Vincenzo Nibali has called on people to help each other and 'stay strong and united' during the coronavirus Covid-19 pandemic, accepting his racing ambitions and plans for 2020 are of secondary importance and up in the air until a new race calendar is confirmed and racing starts again.
"It's a strange moment because nobody knows when we'll start racing again. I think all the other riders are feeling the same and asking the same questions but there are no easy answer and it seems pointless going training without a goal," Nibali said speaking in Italian, clearly emotional at times, as he answered questions during a live video on Facebook Friday afternoon.
A peak of 2,500 people followed the live session, with Nibali answering questions sent in from journalists, including Cyclingnews. Fans posted more than 1,000 messages, with total views up to 43,00 soon after the live video. Nibali is from Messina in Sicily but lives in Lugano, Switzerland, and has opted to stay there with his wife Rachele and young daughter Emma during the Covid-19 crisis. His parents and brother are in Italy but safe and healthy. Like many people, he uses videos calls to keep in contact.
In the past 24 hours, 627 people died in Italy, with the total number of deaths at 4,032. More than 5,000 of the 47,000 positive cases have fully recovered but 2,655 currently need intensive care in hospitals.
"I feel deeply for the victims of virus and all their families," Nibali said, expressing his sorrow for the many Italians who have lost their loved ones due to the spread of the Covid-19 virus.
"They often can’t say their last goodbyes to those who have died with the virus, and that's terrible. In a moment like this we can only try to stay strong and united and hope things improve.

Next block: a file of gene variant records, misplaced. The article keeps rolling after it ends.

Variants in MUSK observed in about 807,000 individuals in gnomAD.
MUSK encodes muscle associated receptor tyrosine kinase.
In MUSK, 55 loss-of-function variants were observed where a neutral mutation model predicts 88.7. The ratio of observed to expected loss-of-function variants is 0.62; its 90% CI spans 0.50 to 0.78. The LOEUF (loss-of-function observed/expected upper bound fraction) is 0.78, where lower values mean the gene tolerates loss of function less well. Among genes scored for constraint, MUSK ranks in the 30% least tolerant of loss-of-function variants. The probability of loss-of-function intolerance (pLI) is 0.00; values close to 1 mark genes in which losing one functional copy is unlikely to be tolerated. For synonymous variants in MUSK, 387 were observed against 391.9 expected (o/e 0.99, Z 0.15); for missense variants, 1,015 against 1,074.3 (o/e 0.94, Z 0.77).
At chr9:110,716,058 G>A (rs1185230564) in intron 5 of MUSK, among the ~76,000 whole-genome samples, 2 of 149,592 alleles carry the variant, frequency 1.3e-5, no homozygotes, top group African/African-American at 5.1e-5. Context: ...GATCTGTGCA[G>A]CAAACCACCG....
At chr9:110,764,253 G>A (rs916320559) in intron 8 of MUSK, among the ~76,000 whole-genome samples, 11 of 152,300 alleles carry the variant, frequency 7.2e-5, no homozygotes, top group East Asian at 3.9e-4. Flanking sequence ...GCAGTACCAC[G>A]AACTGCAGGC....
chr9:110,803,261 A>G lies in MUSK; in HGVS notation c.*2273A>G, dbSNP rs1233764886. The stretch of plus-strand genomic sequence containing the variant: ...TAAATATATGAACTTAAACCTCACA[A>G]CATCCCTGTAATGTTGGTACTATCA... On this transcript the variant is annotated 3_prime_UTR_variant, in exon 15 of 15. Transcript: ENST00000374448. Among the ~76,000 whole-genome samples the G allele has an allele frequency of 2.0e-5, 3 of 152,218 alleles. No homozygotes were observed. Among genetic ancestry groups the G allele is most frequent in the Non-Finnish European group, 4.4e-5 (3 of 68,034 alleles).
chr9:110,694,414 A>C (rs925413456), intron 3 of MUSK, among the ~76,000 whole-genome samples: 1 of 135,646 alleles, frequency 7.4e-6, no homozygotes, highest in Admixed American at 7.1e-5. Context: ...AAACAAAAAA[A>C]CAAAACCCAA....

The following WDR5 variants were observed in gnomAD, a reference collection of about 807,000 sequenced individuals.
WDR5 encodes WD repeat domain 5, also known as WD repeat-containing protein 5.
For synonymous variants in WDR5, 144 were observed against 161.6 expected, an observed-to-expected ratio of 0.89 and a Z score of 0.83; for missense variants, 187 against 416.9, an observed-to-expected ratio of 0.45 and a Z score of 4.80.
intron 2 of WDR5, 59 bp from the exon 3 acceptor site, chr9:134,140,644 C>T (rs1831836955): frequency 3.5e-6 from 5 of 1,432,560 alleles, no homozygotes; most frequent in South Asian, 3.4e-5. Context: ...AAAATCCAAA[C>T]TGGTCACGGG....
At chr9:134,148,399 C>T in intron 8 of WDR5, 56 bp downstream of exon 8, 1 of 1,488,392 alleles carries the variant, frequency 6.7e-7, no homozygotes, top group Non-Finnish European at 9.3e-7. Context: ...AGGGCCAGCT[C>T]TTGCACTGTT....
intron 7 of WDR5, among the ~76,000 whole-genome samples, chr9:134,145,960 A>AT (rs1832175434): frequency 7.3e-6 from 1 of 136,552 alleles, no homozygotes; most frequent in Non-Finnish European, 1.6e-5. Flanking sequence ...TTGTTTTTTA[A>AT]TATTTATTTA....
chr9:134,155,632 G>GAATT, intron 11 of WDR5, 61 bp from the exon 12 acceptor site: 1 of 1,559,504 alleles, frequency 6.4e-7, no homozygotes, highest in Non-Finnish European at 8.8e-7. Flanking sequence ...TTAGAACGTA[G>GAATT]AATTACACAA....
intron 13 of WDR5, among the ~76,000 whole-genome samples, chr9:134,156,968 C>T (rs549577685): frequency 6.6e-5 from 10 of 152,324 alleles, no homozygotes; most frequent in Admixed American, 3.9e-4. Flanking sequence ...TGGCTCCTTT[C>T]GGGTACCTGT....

"It's good to see that a lot of people have now understood how serious the virus problem is and are working hard to fight it," he said. "My message is get through with your family at home. We often rush around and live our lives on the edge; maybe this moment with family can help us live our lives differently in the future."
A break from serious training
Outdoor cycling is still permitted in Switzerland, but Nibali has opted for recovery phase after finishing fourth at Paris-Nice. He's ridden little outdoors and called on his cycling friends in Italy to stay at home.
"I'm taking a break from serious training and have only done some short rides and a couple of mountain bike rides, while being very careful," he said.
"I've seen the debate about people riding out on the roads. If I can’t ride outdoors here in Switzerland, it'll be a big change and I'll have to work indoors, but I'll accept it. We've all got to change what we do and I'll do it too. I won’t go for six-hour rides but will trying to keep some form. I've called on my friends not to ride in Italy, but things are different for pros who ride for a living and try to be ready for when the races start again.